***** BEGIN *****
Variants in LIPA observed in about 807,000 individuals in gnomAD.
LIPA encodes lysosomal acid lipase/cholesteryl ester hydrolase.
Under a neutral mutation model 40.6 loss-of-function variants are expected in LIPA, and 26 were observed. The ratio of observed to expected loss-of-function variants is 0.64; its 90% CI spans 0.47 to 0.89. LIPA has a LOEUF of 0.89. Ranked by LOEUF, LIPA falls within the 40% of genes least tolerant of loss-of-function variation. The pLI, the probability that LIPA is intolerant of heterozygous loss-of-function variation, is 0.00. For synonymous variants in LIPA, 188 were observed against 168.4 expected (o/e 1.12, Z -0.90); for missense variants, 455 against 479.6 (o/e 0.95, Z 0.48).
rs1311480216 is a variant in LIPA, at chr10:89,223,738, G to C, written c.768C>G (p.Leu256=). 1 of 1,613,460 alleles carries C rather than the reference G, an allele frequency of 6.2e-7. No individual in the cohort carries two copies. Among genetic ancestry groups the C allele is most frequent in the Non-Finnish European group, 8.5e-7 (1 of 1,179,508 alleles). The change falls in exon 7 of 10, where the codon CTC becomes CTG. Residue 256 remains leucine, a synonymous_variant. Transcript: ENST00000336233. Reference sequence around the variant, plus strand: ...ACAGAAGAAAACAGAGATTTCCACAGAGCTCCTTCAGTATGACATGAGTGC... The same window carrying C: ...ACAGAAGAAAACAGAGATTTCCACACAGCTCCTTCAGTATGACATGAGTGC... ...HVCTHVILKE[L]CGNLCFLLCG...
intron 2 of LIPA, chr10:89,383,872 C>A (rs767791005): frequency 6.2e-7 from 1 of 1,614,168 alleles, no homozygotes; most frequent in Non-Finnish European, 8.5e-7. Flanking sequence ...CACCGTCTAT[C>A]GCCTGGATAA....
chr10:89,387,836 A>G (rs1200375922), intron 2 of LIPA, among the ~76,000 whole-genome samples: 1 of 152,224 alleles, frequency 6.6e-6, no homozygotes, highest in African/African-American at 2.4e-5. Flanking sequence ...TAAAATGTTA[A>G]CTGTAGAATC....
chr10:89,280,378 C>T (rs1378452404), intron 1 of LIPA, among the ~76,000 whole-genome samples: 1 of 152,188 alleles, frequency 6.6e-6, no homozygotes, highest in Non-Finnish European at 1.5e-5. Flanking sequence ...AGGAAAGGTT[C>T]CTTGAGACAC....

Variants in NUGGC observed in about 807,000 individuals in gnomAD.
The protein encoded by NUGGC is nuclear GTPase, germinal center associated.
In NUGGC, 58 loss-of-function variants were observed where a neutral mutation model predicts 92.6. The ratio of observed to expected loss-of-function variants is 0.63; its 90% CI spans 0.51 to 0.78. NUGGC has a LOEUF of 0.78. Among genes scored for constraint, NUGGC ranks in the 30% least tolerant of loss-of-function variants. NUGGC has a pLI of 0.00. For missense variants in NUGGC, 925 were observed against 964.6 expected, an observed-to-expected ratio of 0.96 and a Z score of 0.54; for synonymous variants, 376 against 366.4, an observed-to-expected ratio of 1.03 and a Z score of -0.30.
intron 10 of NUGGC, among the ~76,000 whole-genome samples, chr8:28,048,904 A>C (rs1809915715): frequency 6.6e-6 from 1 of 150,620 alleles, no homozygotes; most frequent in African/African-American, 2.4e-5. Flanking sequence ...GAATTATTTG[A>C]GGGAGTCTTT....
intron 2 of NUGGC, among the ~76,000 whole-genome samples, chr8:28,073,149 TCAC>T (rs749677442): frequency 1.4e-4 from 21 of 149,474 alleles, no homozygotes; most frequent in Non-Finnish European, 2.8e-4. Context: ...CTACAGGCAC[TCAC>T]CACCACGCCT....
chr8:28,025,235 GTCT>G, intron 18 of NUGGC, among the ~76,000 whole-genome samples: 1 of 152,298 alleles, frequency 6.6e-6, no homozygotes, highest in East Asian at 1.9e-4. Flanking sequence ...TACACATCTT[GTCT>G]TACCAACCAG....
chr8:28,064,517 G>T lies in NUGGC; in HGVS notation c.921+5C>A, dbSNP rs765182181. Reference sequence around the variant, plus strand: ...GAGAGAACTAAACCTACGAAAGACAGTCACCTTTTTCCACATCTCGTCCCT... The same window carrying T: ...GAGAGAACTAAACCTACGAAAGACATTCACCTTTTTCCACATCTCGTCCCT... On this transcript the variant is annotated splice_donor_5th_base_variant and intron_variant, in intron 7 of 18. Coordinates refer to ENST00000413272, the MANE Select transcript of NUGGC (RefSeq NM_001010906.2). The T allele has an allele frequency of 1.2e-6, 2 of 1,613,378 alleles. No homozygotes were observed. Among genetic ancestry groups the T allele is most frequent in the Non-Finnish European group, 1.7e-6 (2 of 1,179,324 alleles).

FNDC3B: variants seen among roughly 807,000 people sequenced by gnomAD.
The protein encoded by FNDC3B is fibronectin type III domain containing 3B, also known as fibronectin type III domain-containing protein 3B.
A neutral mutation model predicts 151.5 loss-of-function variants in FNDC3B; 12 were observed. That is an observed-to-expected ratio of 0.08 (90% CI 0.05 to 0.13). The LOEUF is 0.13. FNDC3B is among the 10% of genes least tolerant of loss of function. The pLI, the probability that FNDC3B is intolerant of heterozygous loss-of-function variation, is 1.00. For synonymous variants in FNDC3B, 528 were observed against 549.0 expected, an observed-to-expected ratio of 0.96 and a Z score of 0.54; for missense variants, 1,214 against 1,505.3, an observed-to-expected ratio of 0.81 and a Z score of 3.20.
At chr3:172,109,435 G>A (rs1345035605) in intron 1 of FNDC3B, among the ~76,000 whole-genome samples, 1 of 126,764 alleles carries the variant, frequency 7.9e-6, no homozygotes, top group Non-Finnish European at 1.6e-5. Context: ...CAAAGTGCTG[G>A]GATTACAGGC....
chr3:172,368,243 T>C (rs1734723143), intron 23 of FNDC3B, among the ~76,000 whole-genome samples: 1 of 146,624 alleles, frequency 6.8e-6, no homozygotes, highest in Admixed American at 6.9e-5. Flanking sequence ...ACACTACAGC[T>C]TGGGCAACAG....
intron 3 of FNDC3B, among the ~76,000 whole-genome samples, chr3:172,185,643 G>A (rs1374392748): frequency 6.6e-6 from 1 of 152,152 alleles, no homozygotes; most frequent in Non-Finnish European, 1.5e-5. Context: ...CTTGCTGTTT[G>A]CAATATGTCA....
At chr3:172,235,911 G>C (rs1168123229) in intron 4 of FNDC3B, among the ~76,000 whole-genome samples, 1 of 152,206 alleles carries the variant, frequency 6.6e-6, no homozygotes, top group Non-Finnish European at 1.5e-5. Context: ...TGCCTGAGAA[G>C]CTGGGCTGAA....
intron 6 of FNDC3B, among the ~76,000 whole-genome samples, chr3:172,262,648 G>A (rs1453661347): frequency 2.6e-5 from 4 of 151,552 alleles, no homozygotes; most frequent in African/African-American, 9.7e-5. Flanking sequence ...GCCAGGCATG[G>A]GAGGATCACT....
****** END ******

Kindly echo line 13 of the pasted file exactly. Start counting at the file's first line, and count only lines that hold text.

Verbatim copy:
chr8:28,025,235 GTCT>G, intron 18 of NUGGC, among the ~76,000 whole-genome samples: 1 of 152,298 alleles, frequency 6.6e-6, no homozygotes, highest in East Asian at 1.9e-4. Flanking sequence ...TACACATCTT[GTCT>G]TACCAACCAG....